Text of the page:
That is really smart, @adin!
Hats of to the one that came up with that idea!

Thanks a lot for the clear explanation!

Note, the solution for this question too is now in [solved] How to use the IPFS self public and private key in node.js?. I made this topic when i didn’t know the route to get it working yet. The other topic was more to the point where i was in the right direction but missing some details. Your pointer to https://github.com/libp2p/go-libp2p-core/blob/a39b84ea2e340466d57fdb342c7d62f12957d972/peer/peer.go#L92 proved to be one of the missing pieces in this endeavor :slight_smile:

Experimenting with new version of IPFS daemon, I discovered that now the signing problem is successfully solved, but the deeper one is provenance that the given PeerID is owned by the person which operates the daemon. Embedding of the 3rd party digital signature into the DAG, which I planned to use at first, only partially solves this problem. This is why I did not publish my last discovery and proceeded with work on it

I don’t see a problem there.
The peer id is the users’ public key.
I trust “that peer id”.
The user creates whatever data and signs it with it’s private key. I can verify that sign with the public key (the peer id) as i’ve demonstrated in this post.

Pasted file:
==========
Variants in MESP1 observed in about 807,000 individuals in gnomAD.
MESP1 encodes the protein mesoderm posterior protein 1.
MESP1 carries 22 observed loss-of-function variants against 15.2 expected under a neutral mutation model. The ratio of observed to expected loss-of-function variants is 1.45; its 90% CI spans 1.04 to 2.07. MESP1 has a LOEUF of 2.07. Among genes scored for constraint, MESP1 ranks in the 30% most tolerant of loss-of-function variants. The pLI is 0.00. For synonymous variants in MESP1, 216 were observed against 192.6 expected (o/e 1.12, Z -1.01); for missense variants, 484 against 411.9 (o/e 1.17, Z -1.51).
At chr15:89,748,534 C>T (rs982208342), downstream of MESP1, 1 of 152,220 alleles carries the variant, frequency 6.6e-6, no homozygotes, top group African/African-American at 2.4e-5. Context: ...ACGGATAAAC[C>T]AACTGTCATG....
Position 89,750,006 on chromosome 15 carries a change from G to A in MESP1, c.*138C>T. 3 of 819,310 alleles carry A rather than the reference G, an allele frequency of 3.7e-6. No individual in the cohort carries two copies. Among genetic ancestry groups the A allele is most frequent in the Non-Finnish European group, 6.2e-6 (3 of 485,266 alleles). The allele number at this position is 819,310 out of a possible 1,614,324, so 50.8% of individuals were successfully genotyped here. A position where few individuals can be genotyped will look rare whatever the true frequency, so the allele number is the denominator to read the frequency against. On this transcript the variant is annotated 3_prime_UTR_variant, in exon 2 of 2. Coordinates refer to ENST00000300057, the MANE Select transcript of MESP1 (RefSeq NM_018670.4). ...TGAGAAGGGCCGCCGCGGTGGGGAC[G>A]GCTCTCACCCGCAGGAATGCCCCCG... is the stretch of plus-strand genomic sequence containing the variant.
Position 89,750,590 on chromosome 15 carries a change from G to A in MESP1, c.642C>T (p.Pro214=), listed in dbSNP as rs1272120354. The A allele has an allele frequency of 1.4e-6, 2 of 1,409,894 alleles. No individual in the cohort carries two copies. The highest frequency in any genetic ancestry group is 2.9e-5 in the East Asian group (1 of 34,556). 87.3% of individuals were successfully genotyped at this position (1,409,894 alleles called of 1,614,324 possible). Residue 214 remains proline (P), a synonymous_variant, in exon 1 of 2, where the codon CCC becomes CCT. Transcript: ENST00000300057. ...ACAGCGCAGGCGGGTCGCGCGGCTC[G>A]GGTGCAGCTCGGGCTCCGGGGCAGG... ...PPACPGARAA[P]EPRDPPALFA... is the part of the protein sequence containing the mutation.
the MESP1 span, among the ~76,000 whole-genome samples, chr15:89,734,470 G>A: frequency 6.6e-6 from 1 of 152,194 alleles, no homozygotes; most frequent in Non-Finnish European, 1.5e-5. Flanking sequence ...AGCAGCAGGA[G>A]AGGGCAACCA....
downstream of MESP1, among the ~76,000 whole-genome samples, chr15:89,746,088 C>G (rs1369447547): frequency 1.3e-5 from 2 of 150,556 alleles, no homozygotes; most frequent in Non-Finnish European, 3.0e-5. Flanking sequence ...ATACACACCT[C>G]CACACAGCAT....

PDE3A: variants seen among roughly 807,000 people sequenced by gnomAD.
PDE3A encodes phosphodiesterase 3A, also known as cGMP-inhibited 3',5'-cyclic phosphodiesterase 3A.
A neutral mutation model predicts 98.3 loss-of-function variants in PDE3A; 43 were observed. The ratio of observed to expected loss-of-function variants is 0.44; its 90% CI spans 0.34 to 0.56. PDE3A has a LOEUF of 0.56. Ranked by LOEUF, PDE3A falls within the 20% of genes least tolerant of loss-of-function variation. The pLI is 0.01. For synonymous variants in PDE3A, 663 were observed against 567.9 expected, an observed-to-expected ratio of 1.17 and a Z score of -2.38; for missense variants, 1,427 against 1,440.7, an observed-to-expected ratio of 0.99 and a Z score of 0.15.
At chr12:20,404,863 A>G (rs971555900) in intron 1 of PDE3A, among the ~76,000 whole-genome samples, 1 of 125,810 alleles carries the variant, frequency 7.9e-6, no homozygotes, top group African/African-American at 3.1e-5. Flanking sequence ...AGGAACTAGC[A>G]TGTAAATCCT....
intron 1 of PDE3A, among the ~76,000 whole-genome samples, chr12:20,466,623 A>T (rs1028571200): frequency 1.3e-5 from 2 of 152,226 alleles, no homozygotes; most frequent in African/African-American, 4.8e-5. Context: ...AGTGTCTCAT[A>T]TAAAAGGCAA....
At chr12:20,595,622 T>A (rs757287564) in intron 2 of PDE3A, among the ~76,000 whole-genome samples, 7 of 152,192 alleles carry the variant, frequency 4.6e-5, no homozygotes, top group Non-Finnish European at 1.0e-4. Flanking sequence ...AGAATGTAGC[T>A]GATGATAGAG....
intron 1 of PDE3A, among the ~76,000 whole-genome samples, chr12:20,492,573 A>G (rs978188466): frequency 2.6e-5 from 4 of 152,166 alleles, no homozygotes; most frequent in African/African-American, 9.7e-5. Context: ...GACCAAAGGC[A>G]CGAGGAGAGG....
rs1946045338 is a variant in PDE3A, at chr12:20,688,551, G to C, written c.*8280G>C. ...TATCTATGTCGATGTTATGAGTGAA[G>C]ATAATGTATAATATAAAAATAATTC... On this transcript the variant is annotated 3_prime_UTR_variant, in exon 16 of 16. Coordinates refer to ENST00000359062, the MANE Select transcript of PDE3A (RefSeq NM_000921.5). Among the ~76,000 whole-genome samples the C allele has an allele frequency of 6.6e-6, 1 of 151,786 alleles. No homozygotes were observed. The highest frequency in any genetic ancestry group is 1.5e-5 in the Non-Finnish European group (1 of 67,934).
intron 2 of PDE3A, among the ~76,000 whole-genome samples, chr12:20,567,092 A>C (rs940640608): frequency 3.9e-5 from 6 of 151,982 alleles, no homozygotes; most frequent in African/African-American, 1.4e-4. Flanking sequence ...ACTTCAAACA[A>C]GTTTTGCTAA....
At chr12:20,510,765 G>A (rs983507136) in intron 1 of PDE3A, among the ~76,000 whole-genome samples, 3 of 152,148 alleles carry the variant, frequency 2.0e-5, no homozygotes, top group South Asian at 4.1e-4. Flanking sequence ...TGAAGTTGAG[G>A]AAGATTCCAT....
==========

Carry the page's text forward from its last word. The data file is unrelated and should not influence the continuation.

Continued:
I can apply this concept now to IPNS keys (in the 0.7.0 scheme that is) and to any ipfs data where a public key and a sign is known to verify that i want that data. Now how to do that last part is up for debate as i’d need to make a format, say like:

{
  "pubkey" : "peer id or some other public key mechanism",
  "sign": "%$@#TGE#%YHH%#YHYT$R^",
  "contentHash": "Qm....."
}

I can then verify that the Qm..... is in fact signed by that public key (as you need the private key to sign it and only you should have that private key). Still, this only means that i trust whatever that given public key + sign tells me. In this scheme anyone can sign any Qm… hash. It’s just that i trust those that are signed with publickeys that i trust.

With that logic i’m able to confirm that <cid> is valid for me, provided that the user provided me that above json blob to be able to verify it. If the user were to send a IPNS in 0.7.0 format then the public key can be omitted as it’s part of the content hash.

Now it would be super awesome if the sign would be part of the content hash itself! Something like:
<cid><sign> = <newcid>
As it would then contain:

  1. public key
  2. sign of the content hash with the private key of that public key
  3. the content hash

It would solve everything i mentioned here.
It would allow verification with only <newcid>.

The downside is that this will explode the <newcid> in length to unusable long.
But i think this mechanism with the json blob above as “metadata” would be very workable already! Anything more that simplifies it further is just a big bonus :slight_smile:

With that, i’m making this thread as solved.